Especially if its wrapped in a configurable infix-syntax! Here I’ll treat the ! operator specially to populate the operator-precedance table, whilst handling imports & comments itself.

Infix Parser !/Unicode.syn main: { lparen = 1 1; rparen = 1 2 !/Math.out; !Map.out # Input would be a ID number & precedence looked-up externally. It would be better if we had > 254 operator IDs. alu << r0: LIT FETCHf rx IFz 0 ADDR:~ 0 alu << CONST lparen CMP r0LIT IFe; push = |alu|; alu << 0 J popOp = |alu| alu << SHIFT -8,-8 CMP RAMr0 UNLESSg; exit = |alu|; alu << 0 J # Loop for greater precedences alu << POPf UNLESSc 0 OUT RAM UNLESSc popOp J # Pop & output them exit << |alu| alu << LIT rparen CMP r0LIT IFe; popParen = |alu|; alu << 0 J push << |alu| alu << RAM: r0 PUSH HALT popParen << |alu| alu << POP parseOp <- alu alu << OUT+1 LIT; count <- alu # And add a parseDec routine supporting negatives # Add list that outputs n ":"s. ops <- map; iOps <- map ops << '(' 0 lparen; iOps << lparen 0 '(' ops << ')' 0 rparen; iOps << rparen 0 ')' ops << '!' 0 20 0; iOps << 20 0 0 '!' nextID = 1; left = ""; newOp = "" } expr* SPACE* { parseOp << 0 }; expr: SPACE* (@WORD { out << text "`" 0 " "; left = text } # Should count arguments... | "`" @op "`" { out << text "`" 0 " "; left = text } | '!' { newOp = left } | @op { text >> ops >> parseOp >> iOps >> out; out << "`" 0 " " } | "`" @word "`" { text >> ops >> parseOp >> iOps >> out; out << "`" 2 " " } | @'-'? @DEC+ { `.*` << newOp { prec << parseDec << text; ops << text 0 prec nextID; iOps << prec nextID 0 text } # FIXME: Push op to restore previous precedence? out << text " " } | '"' {charCount = 0} (. { out << "'" text; charCount << count << charCount } )* '"' {list << charCount; out << " "} # Mostly for docstrings. | '{' .* '}' # Comment | '[' @.* ']' { !infix.syn << FILES << text } ) op: OP* | '(' | ')' / '-'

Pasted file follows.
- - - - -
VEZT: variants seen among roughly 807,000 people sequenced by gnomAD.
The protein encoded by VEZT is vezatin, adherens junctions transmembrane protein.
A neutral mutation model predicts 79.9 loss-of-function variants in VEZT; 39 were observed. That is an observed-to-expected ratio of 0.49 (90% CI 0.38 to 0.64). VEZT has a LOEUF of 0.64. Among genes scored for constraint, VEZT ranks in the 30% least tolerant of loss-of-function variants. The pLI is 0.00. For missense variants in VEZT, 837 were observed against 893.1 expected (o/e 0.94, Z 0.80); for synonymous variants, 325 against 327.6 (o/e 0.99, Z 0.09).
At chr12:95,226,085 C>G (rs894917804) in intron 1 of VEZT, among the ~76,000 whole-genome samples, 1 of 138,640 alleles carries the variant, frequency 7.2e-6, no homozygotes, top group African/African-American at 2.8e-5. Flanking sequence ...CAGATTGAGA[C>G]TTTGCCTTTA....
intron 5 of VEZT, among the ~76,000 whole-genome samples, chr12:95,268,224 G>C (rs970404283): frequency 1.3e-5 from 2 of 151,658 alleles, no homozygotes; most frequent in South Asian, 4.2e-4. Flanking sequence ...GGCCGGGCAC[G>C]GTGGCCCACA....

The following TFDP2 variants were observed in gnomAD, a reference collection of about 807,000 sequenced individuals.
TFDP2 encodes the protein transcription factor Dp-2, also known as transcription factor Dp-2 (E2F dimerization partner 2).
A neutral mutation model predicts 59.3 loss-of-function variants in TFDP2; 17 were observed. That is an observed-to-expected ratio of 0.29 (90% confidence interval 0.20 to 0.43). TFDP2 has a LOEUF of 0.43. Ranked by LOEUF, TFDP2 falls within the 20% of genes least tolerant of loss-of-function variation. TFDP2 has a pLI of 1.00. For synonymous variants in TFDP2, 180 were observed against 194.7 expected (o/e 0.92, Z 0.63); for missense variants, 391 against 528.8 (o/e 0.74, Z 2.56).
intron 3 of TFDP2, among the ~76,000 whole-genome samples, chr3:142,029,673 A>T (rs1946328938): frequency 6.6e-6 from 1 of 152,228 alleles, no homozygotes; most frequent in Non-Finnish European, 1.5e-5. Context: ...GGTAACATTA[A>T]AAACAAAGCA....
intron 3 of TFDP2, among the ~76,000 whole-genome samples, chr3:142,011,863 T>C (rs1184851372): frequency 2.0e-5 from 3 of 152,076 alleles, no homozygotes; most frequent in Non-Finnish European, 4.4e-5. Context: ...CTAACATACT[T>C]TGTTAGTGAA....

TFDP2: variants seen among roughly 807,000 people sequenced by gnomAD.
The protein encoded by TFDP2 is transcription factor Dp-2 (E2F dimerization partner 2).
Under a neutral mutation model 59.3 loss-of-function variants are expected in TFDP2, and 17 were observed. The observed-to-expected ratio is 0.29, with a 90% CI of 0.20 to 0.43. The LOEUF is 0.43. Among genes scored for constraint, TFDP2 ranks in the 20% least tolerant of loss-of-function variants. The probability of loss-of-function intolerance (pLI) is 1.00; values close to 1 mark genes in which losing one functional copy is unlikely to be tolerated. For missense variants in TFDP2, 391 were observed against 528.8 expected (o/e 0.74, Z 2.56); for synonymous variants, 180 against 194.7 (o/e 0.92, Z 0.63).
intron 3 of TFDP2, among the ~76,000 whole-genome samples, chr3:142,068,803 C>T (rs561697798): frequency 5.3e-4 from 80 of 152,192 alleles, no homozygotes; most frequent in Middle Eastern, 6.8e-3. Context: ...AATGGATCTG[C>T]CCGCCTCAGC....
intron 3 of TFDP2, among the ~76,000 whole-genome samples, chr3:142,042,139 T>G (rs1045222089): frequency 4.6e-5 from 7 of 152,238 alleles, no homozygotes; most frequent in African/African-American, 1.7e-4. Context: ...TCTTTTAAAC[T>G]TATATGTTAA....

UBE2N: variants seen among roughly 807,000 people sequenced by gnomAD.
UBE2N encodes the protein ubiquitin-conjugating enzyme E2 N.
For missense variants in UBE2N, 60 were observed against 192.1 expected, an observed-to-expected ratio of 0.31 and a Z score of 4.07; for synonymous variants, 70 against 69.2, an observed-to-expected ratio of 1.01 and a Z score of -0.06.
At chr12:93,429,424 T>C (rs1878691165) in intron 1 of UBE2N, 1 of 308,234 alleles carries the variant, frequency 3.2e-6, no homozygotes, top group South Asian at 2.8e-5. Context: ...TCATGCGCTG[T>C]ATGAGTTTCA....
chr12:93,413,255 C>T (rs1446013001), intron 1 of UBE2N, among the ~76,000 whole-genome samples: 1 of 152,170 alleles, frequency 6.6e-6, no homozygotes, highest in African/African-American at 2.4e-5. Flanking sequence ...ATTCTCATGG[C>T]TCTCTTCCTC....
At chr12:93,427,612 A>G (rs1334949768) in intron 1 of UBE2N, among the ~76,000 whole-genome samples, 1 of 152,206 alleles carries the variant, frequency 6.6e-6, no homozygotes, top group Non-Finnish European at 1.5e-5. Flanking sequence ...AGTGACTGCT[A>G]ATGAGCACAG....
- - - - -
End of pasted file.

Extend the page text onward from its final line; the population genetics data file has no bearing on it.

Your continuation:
For this language to work, we’d need build an identifier table, at which point I’ll introduce pattern matching. Adding special meaning to the =, ,, ;, ::, @ (to define primitives, accessors, & argument captures), ->, & #. Types & type declarations are handled here, generator both constructor & accessor functions.